Growing lettuce from seed? Yes, pots are just as good as garden beds

The perfect storm of fuel price rises, rain, floods, cold and more rain delivered the $10+ iceberg. In response gardeners rushed to grow what they couldn’t afford to buy and turned lettuce seedlings into the new toilet paper.

At my local garden centre there is not a lettuce punnet to be found, no greens of any kind in fact. “There’s been a run on lettuce seedlings,” confirms Kathy Hill, marketing manager of Oasis Horticulture, which is the country’s largest grower of flower and food seedlings. “We’ve never seen anything like it.”

The lettuce crunch.Credit:iStock

Oasis acted once the crunch started and immediately put more lettuce into production. In this cold weather it takes four or five weeks to get a lettuce from seed to store, and Hill says garden centres will once again be well-stocked with a dozen different lettuce options by mid-July. Oasis punnets include iceberg and cos, as well as multi-cut varieties to pick leaf by leaf, and Asian leaf veg such as mizuna.

To grow your own, first find a sunny spot. Lettuce prefers part-shade in Sydney summers, but right now it wants a good five hours of full sun a day. Lettuce is not a deep-rooted plant so pots are just as good as garden beds. Self-watering container systems, such as Vegepod, or wicking beds, make growing salad even easier by radically reducing how often you have to water.

Fill containers with quality potting mix. In garden beds, enrich the soil with compost or manure-based organic fertiliser. Plant the seedlings as soon as you get them home. Soak the punnet in half strength seaweed solution while you prepare the holes. The seaweed solution promotes root growth, making stronger plants. Water in with the rest of the seaweed solution and carefully mulch around the plant. Protect against snails and slugs.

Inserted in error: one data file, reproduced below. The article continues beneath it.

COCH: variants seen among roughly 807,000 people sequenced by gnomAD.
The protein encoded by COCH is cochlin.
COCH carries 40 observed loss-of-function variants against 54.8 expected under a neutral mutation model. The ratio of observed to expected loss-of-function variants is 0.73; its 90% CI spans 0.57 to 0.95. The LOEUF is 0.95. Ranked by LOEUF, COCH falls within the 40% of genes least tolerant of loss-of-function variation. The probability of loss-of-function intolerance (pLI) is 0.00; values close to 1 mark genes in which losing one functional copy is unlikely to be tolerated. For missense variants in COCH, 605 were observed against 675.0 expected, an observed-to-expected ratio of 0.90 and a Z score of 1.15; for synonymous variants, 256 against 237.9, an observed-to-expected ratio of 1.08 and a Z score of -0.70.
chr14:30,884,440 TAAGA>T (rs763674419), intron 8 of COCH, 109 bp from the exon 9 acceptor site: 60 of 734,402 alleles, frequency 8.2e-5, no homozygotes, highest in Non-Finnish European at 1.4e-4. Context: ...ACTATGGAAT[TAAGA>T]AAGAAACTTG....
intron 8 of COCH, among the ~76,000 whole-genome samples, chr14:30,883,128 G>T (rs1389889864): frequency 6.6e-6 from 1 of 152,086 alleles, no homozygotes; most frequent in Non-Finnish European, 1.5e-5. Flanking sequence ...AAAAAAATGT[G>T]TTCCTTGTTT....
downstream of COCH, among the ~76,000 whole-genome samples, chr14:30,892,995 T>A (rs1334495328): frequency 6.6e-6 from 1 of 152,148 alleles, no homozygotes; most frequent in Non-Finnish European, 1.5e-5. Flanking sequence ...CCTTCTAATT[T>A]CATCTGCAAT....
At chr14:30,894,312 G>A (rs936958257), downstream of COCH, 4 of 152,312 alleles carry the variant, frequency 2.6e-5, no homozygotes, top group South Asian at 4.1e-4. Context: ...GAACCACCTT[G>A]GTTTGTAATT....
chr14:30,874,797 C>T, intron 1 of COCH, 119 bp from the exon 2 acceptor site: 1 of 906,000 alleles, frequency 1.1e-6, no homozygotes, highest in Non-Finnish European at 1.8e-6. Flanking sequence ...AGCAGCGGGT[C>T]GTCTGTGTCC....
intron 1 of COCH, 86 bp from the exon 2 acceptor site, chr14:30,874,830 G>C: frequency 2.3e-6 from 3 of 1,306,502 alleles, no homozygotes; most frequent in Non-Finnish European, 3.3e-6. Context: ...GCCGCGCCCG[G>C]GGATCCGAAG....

“The seaweed solution promotes root growth, making stronger plants.”

Keep the soil around the plants moist but not sodden, and water with half-strength liquid feed, such as Eco-amingrow, Gogo Juice or Powerfeed, after they have been growing for a month or so to keep them powering along. Alternatively use a weak compost or manure tea.

Keep an eye out for caterpillars. You’ll see the droppings, called frass, well before you find the culprit. The size of the little black pellets is an indication of the size of the caterpillar that made them. Search out the invader and squash it or snip it in half with secateurs – poisons definitely not required.

Pick cut-and-come-again crops such as oakleaf and coral lettuce from the outside so that the plant can continue to produce new leaves from its centre. Cos can also be picked leaf by leaf, but iceberg is harvested in one go. Plants will continue to produce leaves for months before going to seed.

Growing from seed makes lettuce even more affordable. At current prices a single iceberg costs the equivalent of more than 200 seeds – that’s about a decade’s worth of lettuce!

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